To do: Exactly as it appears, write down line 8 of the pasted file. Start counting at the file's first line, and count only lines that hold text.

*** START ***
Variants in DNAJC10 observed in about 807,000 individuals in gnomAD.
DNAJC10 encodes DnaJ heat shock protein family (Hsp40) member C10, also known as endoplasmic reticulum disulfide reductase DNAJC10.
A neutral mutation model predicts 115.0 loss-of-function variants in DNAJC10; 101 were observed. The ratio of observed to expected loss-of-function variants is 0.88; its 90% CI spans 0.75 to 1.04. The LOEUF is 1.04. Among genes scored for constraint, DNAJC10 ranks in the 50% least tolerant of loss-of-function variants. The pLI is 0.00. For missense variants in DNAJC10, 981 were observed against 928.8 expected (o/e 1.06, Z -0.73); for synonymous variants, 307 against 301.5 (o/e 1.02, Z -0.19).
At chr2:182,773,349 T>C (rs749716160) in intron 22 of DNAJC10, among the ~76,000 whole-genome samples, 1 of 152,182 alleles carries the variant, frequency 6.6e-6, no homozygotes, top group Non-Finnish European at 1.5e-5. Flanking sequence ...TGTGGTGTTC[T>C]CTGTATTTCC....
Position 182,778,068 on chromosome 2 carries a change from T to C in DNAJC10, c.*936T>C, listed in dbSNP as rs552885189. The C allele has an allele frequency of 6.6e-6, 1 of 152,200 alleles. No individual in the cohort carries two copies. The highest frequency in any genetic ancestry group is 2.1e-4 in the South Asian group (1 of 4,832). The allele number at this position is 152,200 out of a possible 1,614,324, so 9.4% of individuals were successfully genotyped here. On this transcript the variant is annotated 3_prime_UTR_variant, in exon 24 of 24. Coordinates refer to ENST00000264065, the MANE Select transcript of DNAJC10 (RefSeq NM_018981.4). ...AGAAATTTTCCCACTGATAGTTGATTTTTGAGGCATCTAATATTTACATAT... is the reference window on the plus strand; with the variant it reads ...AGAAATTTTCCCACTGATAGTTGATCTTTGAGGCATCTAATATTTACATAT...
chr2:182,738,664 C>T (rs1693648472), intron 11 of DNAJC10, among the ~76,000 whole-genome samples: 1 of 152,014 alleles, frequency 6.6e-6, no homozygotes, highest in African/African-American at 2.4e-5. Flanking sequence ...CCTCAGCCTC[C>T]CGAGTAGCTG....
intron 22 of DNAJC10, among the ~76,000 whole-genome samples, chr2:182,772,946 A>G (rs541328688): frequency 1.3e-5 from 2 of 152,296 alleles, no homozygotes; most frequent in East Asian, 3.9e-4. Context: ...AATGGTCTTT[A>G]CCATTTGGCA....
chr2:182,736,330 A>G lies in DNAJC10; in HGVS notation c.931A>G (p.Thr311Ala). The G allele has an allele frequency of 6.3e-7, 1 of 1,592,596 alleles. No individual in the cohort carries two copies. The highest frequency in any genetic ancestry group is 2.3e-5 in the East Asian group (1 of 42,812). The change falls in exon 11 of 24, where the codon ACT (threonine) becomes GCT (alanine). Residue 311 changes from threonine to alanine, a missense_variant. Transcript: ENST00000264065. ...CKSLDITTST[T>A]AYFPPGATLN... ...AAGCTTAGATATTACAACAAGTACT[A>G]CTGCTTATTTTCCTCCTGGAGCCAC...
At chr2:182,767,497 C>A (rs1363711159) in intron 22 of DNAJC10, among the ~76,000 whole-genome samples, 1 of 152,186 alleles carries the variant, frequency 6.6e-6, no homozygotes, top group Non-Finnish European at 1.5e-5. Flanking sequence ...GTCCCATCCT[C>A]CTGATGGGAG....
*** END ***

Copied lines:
chr2:182,736,330 A>G lies in DNAJC10; in HGVS notation c.931A>G (p.Thr311Ala). The G allele has an allele frequency of 6.3e-7, 1 of 1,592,596 alleles. No individual in the cohort carries two copies. The highest frequency in any genetic ancestry group is 2.3e-5 in the East Asian group (1 of 42,812). The change falls in exon 11 of 24, where the codon ACT (threonine) becomes GCT (alanine). Residue 311 changes from threonine to alanine, a missense_variant. Transcript: ENST00000264065. ...CKSLDITTST[T>A]AYFPPGATLN... ...AAGCTTAGATATTACAACAAGTACT[A>G]CTGCTTATTTTCCTCCTGGAGCCAC...